Courage

Life is hard—there's no doubt about it—and sometimes it will seem that if anything can go wrong, it will. That's why courage is so important to leading a fulfilling life. Having courage grants you the ability to give it your all even when things go wrong or the journey seems difficult.

You can probably see how having courage might help you in your daily life. This is the kind of attribute that will not only help you get the job done, but to put in the effort to do it well—and have the confidence to keep your sights high. Your strength in this trait will affect your employment, you personal life, your romantic life, your hobbies, your physical fitness, and in fact, just about aspect. If you aren't confident in your courage, your confidence is something you will want to work on straight away!

Now, it might seem people are born with confidence (and we can't totally rule out genetic inclinations), but please keep in mind that the human mind is a wonderful tool that can be changed! With work and effort courage will be a trait that you put in practice, grow into a daily habit, and soon become an inherent part of your personality. And whether it's fair or not, people will better enjoy your company as well once you have self-confidence!

Courage itself may seem like a single trait, but the Universal Values system actually divides courage into several individual traits which all deserve special attention. You may have a decent level of confidence, for example, but be held back from your full potential because your lacking in one of these traits. Read about each trait and honesty evaluate yourself to see where you need improvement—growth can't happen if you never admit the need for it!

Just like in developing every habit, keeping a record of your progress will help your motivation and point out moments where you were a little weak or strong one day. You will also get in the routine of noticing how you reacted to new challenges and social situations. Becoming keenly aware of your daily performance is essential to your growth in all areas!

Strengths of Courage

  • Bravery — This is a trait that many people think defines courage. While there's more to it than bravery, this trait will allow you to attempt difficult tasks and approach the people and topics that might make you a little uncomfortable, yet in the end be potentially rewarding.
  • Persistence — You are never going to get every job done on the first try, so you need to develop the trait to try again—and try your best. A small handful of people don't know "when to give up," but the majority of us will benefit from more persistence.
  • Integrity — This is the ability to stick with you sense of what's right even when it takes courage to do so.
  • Vitality — This means having energy and optimism. If you can be excited about life and your potential, it will effect everything you do for the better.

Opinions

Whatever course you decide upon, there is always someone to tell you that you are wrong. There are always difficulties arising which tempt you to believe that your critics are right. To map out a course of action and follow it to an end requires courage.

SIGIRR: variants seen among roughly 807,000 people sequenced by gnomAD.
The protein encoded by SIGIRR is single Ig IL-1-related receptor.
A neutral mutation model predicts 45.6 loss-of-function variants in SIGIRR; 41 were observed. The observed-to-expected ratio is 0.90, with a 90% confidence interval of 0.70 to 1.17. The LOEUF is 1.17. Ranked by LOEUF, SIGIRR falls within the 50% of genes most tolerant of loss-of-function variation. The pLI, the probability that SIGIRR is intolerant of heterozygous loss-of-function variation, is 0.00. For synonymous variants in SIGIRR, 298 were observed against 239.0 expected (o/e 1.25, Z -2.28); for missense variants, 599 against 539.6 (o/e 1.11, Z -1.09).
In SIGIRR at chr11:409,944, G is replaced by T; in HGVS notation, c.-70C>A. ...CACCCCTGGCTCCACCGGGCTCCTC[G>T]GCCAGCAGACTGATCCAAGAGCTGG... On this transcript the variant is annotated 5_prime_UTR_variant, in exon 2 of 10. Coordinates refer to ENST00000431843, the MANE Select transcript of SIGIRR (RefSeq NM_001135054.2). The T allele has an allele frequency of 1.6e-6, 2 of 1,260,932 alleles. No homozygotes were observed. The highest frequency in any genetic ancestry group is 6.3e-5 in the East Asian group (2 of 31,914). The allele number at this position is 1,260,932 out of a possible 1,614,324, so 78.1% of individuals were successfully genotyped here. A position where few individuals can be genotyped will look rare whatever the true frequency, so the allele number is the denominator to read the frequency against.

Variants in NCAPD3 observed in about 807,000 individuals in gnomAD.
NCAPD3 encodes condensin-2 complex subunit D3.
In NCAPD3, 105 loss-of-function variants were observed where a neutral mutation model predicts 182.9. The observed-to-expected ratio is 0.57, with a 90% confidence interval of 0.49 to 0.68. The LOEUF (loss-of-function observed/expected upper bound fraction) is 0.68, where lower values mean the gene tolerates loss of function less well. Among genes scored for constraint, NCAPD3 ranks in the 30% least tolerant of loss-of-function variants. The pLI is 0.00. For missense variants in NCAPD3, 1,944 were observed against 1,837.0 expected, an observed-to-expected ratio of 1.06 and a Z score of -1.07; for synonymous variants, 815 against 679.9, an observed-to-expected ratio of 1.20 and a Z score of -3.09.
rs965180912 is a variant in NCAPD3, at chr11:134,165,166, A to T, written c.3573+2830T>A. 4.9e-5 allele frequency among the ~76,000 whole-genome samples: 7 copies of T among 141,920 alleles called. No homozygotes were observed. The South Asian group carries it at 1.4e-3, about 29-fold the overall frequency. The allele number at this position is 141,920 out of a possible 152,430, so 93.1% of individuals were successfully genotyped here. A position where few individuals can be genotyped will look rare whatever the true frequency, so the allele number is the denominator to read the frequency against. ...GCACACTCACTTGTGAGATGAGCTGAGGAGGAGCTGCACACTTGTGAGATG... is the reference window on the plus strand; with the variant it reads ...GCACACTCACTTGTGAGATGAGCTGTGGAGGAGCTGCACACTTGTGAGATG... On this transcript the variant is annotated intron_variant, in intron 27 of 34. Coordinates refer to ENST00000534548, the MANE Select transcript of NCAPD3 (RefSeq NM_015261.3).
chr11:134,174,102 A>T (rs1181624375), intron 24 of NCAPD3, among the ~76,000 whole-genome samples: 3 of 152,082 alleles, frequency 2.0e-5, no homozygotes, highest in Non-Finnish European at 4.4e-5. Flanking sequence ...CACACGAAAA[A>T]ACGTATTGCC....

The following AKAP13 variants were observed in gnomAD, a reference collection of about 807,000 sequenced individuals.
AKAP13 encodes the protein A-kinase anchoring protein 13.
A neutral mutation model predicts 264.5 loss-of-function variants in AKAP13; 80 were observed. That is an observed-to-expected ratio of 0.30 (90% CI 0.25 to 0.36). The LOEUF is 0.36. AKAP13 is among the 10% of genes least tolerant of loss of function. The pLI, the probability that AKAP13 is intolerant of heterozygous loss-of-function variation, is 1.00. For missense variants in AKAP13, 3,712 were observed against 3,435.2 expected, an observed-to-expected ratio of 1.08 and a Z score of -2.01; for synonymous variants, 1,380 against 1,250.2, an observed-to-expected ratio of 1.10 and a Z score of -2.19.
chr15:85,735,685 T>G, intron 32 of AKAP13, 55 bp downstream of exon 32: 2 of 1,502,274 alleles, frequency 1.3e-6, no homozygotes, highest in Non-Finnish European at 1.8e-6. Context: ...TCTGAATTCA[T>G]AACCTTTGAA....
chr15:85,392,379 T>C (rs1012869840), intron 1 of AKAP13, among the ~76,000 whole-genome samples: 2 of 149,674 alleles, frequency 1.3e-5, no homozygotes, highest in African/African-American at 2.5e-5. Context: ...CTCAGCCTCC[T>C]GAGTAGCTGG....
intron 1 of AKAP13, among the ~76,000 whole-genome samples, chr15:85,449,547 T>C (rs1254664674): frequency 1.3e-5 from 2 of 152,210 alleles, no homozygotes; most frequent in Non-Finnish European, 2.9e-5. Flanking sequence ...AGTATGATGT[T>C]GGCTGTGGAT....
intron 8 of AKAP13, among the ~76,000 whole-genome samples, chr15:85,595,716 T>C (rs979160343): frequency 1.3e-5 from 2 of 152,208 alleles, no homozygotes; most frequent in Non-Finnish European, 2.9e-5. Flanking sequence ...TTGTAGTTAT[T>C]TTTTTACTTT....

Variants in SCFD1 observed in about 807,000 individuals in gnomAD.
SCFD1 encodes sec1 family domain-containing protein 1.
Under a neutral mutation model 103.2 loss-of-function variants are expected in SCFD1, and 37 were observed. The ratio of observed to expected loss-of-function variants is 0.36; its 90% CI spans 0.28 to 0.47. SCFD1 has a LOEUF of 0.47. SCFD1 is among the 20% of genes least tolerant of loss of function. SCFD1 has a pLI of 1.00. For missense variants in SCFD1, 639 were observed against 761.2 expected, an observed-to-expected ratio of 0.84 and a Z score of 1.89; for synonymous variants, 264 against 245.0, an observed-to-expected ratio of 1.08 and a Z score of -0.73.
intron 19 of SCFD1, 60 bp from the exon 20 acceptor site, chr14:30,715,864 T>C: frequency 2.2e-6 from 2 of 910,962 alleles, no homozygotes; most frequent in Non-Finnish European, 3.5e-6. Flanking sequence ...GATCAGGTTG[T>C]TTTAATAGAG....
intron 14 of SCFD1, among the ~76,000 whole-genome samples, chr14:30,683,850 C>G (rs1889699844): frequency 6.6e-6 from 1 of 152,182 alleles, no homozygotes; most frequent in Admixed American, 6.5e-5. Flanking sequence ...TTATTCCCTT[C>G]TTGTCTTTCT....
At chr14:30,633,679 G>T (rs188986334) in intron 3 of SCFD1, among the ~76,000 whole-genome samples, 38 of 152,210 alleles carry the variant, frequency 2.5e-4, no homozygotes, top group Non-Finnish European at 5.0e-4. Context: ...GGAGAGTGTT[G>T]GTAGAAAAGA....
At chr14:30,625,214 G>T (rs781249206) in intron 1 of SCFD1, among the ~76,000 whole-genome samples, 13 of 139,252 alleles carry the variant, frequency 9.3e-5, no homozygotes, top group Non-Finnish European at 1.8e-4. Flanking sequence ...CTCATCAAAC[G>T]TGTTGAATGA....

Ralph Waldo Emerson

It is not the critic who counts; not the man who points out how the strong man stumbles, or where the doer of deeds could have done them better. The credit belongs to the man who is actually in the arena, whose face is marred by dust and sweat and blood, who strives valiantly; who errs and comes short again and again; because there is not effort without error and shortcomings; but who does actually strive to do the deed; who knows the great enthusiasm, the great devotion, who spends himself in a worthy cause, who at the best knows in the end the triumph of high achievement and who at the worst, if he fails, at least he fails while daring greatly. So that his place shall never be with those cold and timid souls who know neither victory nor defeat.

Theodore Roosevelt

Courage is resistance to fear, mastery of fear — not absence of fear.

Mark Twain

Golden Mean

Cowardice
Courage
Recklessness, Rashness, Heedlessness

Recommended Reading

Find Your Courage!: Unleash Your Full Potential and Live the Life You Really Want — by Margie Warrell

This is a great self-help book for improving on your courage in general.

The Little Book of Courage: A Three-Step Process to Overcoming Fear and Anxiety — by Sarah Quigley and Marilyn Shroyer

This book focuses on facing fears in order to develop courage.

The Courage to Be Yourself: A Woman's Guide to Emotional Strength and Self-Esteem — by Sue Patton Thoele

This book focuses on building courage from the female perspective.

General Rules

Practice virtues daily so that they become ‘habits of the heart’.

Don‘t strive for perfection.

Never give up! Remember: even the greats have off days.

Rely on your intuition.

Avoid extremes. Strive to achieve the golden mean between excess and deficiency of a virtue.

Have fun and enjoy the program with humor and optimism.



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